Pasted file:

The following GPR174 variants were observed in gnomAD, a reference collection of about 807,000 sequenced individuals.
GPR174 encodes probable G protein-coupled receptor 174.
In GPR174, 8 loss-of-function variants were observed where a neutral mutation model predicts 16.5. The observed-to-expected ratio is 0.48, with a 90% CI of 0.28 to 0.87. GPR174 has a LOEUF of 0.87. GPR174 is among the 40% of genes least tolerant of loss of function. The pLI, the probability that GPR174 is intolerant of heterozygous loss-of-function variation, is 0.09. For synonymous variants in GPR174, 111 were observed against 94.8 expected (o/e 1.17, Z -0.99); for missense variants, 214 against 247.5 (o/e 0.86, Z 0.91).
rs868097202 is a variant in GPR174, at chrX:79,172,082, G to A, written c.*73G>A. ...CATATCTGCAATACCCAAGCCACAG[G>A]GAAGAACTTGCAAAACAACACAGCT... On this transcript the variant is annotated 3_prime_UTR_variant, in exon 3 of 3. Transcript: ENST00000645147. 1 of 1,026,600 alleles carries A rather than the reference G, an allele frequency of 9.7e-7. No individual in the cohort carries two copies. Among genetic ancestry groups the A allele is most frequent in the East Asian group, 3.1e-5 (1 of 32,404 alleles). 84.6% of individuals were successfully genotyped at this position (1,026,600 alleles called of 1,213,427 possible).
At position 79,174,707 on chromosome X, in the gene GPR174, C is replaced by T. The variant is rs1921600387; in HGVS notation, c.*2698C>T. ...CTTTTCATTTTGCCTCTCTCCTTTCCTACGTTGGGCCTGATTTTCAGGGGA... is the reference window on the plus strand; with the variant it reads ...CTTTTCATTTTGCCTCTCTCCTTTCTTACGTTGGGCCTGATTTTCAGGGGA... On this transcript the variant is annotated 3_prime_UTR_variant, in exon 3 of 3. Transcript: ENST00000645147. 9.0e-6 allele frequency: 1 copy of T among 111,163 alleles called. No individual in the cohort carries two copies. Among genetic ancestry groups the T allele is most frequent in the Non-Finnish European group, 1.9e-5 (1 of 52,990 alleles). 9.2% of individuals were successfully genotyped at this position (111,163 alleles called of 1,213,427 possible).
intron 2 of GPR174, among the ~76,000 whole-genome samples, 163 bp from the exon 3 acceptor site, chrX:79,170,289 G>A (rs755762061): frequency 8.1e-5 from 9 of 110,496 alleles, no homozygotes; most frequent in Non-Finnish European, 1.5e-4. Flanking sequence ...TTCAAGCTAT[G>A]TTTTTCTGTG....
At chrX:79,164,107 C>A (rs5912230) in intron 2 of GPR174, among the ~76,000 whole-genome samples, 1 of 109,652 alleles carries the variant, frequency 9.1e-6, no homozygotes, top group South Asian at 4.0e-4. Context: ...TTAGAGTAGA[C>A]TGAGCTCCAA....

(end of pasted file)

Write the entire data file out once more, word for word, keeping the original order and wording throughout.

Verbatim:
The following GPR174 variants were observed in gnomAD, a reference collection of about 807,000 sequenced individuals.
GPR174 encodes probable G protein-coupled receptor 174.
In GPR174, 8 loss-of-function variants were observed where a neutral mutation model predicts 16.5. The observed-to-expected ratio is 0.48, with a 90% CI of 0.28 to 0.87. GPR174 has a LOEUF of 0.87. GPR174 is among the 40% of genes least tolerant of loss of function. The pLI, the probability that GPR174 is intolerant of heterozygous loss-of-function variation, is 0.09. For synonymous variants in GPR174, 111 were observed against 94.8 expected (o/e 1.17, Z -0.99); for missense variants, 214 against 247.5 (o/e 0.86, Z 0.91).
rs868097202 is a variant in GPR174, at chrX:79,172,082, G to A, written c.*73G>A. ...CATATCTGCAATACCCAAGCCACAG[G>A]GAAGAACTTGCAAAACAACACAGCT... On this transcript the variant is annotated 3_prime_UTR_variant, in exon 3 of 3. Transcript: ENST00000645147. 1 of 1,026,600 alleles carries A rather than the reference G, an allele frequency of 9.7e-7. No individual in the cohort carries two copies. Among genetic ancestry groups the A allele is most frequent in the East Asian group, 3.1e-5 (1 of 32,404 alleles). 84.6% of individuals were successfully genotyped at this position (1,026,600 alleles called of 1,213,427 possible).
At position 79,174,707 on chromosome X, in the gene GPR174, C is replaced by T. The variant is rs1921600387; in HGVS notation, c.*2698C>T. ...CTTTTCATTTTGCCTCTCTCCTTTCCTACGTTGGGCCTGATTTTCAGGGGA... is the reference window on the plus strand; with the variant it reads ...CTTTTCATTTTGCCTCTCTCCTTTCTTACGTTGGGCCTGATTTTCAGGGGA... On this transcript the variant is annotated 3_prime_UTR_variant, in exon 3 of 3. Transcript: ENST00000645147. 9.0e-6 allele frequency: 1 copy of T among 111,163 alleles called. No individual in the cohort carries two copies. Among genetic ancestry groups the T allele is most frequent in the Non-Finnish European group, 1.9e-5 (1 of 52,990 alleles). 9.2% of individuals were successfully genotyped at this position (111,163 alleles called of 1,213,427 possible).
intron 2 of GPR174, among the ~76,000 whole-genome samples, 163 bp from the exon 3 acceptor site, chrX:79,170,289 G>A (rs755762061): frequency 8.1e-5 from 9 of 110,496 alleles, no homozygotes; most frequent in Non-Finnish European, 1.5e-4. Flanking sequence ...TTCAAGCTAT[G>A]TTTTTCTGTG....
At chrX:79,164,107 C>A (rs5912230) in intron 2 of GPR174, among the ~76,000 whole-genome samples, 1 of 109,652 alleles carries the variant, frequency 9.1e-6, no homozygotes, top group South Asian at 4.0e-4. Context: ...TTAGAGTAGA[C>A]TGAGCTCCAA....